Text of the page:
Doppler ultrasound for the assessment of conservatively treated blunt splenic injuries: A prospective study

D. Soffer, O. Wiesel, C. I. Schulman, M. Ben Haim, J. M. Klausner, A. Kessler

Research output: Contribution to journalArticle

2 Scopus citations

Abstract

Introduction: The type and need for follow-up of non-operatively managed blunt splenic injuries remain controversial. The use of Doppler ultrasound to identify post-traumatic splenic pseudoaneurysms, considered to be the main cause of "delayed" splenic rupture, has not been well described. Patients and methods: A 5-year prospective study was performed from 2004 to 2008. All patients with blunt splenic injury diagnosed with computerized tomography, who were treated non-operatively, were included in the study. Doppler ultrasound examination was performed 24-48 h post-injury. Consecutive Doppler ultrasound examinations were done on 7, 14 and 21 days post-injury for patients diagnosed with a splenic pseudoaneurysm. Demographic and clinical data were collected. Ambulatory follow-up continued for 4 weeks after hospital discharge. Results: A total of 38 patients were enrolled in the study. Grading of splenic injury demonstrated 19 (50%) patients with Grade I, 16 (42%) with Grade II and 3 (8%) with Grade III injuries. Two patients (5%) had pseudoaneurysms. All pseudoaneurysms underwent complete resolution within 2 weeks after diagnosis. No patients received blood products, or had angio-embolization or surgery during the study period. All patients were found to be asymptomatic and stable at the 4-week follow-up. Conclusions: Doppler ultrasound can be an effective and a safe noninvasive modality for evaluation and follow-up of patients with blunt splenic injury. The utility and cost-effectiveness of routine surveillance requires further study.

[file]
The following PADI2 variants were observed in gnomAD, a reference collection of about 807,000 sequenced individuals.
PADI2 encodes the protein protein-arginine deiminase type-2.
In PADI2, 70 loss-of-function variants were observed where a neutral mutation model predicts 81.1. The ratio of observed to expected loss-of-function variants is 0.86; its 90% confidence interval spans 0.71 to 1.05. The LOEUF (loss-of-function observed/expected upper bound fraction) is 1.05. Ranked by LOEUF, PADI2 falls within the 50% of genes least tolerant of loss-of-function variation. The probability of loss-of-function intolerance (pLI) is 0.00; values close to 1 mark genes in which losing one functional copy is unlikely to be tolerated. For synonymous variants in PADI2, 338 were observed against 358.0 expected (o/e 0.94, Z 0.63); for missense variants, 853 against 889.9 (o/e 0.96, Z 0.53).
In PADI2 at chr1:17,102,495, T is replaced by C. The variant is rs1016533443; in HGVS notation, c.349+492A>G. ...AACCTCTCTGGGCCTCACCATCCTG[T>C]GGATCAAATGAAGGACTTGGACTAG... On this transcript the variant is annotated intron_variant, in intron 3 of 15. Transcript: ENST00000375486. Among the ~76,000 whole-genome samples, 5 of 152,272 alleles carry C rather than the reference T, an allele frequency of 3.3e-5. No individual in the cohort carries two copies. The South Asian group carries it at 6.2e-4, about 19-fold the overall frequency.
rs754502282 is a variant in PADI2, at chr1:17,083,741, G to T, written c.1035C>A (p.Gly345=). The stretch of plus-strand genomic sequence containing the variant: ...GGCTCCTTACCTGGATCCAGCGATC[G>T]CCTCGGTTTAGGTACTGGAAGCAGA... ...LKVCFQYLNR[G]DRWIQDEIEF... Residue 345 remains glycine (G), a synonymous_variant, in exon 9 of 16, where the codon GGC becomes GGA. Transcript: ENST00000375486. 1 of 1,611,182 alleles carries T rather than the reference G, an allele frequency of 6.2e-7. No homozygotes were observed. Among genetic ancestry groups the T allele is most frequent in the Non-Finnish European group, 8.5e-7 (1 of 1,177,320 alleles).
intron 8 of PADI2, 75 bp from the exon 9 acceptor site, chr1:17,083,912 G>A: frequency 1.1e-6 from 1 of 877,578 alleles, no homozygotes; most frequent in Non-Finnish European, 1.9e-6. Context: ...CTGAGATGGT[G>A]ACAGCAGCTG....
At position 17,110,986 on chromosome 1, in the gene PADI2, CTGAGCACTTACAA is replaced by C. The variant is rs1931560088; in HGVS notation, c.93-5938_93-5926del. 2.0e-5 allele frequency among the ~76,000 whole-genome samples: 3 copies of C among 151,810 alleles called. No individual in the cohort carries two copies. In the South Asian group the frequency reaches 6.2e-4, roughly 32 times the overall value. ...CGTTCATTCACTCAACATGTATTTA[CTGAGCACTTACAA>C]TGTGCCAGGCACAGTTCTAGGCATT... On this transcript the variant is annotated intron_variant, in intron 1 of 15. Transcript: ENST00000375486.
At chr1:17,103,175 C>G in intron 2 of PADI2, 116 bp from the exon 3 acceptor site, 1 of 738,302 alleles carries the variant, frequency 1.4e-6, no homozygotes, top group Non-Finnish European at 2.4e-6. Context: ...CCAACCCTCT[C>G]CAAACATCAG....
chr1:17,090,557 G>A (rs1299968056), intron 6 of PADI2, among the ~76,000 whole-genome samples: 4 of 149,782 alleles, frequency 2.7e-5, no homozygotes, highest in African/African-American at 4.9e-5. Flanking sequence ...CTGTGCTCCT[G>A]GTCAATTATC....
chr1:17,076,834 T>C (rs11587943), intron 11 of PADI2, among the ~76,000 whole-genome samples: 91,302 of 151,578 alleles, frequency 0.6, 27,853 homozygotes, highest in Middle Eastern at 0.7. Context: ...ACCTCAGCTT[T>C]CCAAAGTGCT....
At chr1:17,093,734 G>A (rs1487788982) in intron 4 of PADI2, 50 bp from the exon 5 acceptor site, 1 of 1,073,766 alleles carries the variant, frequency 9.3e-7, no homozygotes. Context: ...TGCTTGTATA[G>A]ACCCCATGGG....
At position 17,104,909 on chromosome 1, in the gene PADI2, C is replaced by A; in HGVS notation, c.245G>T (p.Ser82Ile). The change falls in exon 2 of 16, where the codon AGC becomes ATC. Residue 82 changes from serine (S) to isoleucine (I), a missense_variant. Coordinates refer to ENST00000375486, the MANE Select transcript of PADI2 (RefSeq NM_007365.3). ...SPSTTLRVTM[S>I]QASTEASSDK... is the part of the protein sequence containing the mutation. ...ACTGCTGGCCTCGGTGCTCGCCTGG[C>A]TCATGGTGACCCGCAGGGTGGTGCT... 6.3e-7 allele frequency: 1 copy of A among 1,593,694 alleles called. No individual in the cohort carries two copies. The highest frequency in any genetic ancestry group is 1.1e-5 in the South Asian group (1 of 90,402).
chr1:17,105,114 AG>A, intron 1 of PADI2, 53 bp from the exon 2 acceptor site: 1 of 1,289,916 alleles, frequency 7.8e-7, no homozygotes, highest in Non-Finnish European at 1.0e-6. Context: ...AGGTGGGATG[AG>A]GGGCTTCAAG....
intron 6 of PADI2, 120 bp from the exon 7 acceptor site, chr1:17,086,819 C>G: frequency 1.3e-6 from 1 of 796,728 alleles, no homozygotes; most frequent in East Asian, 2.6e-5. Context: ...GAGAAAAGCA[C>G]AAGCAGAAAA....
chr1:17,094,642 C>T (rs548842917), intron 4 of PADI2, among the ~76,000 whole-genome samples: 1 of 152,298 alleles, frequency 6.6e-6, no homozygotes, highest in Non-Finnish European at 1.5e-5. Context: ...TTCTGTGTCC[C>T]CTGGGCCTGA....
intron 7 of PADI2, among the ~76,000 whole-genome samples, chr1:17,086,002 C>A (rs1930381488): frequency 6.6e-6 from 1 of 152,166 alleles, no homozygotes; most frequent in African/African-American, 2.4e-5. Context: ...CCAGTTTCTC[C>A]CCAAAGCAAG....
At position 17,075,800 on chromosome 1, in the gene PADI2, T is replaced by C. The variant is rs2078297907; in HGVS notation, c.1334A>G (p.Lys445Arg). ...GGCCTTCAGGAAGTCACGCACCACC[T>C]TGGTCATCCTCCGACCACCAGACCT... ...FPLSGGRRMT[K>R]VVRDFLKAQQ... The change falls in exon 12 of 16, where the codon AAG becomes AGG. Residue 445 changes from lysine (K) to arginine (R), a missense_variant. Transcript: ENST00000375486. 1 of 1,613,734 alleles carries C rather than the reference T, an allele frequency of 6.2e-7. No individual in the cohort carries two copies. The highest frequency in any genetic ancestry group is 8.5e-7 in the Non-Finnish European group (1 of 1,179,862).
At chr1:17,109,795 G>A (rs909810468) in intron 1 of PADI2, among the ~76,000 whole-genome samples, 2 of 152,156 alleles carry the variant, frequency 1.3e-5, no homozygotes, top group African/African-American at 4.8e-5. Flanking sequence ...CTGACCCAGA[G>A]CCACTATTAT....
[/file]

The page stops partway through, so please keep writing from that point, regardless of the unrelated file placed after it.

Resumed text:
Original languageEnglish (US)
Pages (from-to)197-202
Number of pages6
JournalEuropean Journal of Trauma and Emergency Surgery
Volume37
Issue number2
DOIs
StatePublished - Apr 1 2011

Keywords

  • Abdominal trauma
  • Spleen pseudoaneurysm
  • Splenic trauma
  • Vascular trauma

ASJC Scopus subject areas

  • Surgery
  • Orthopedics and Sports Medicine
  • Critical Care and Intensive Care Medicine
  • Emergency Medicine

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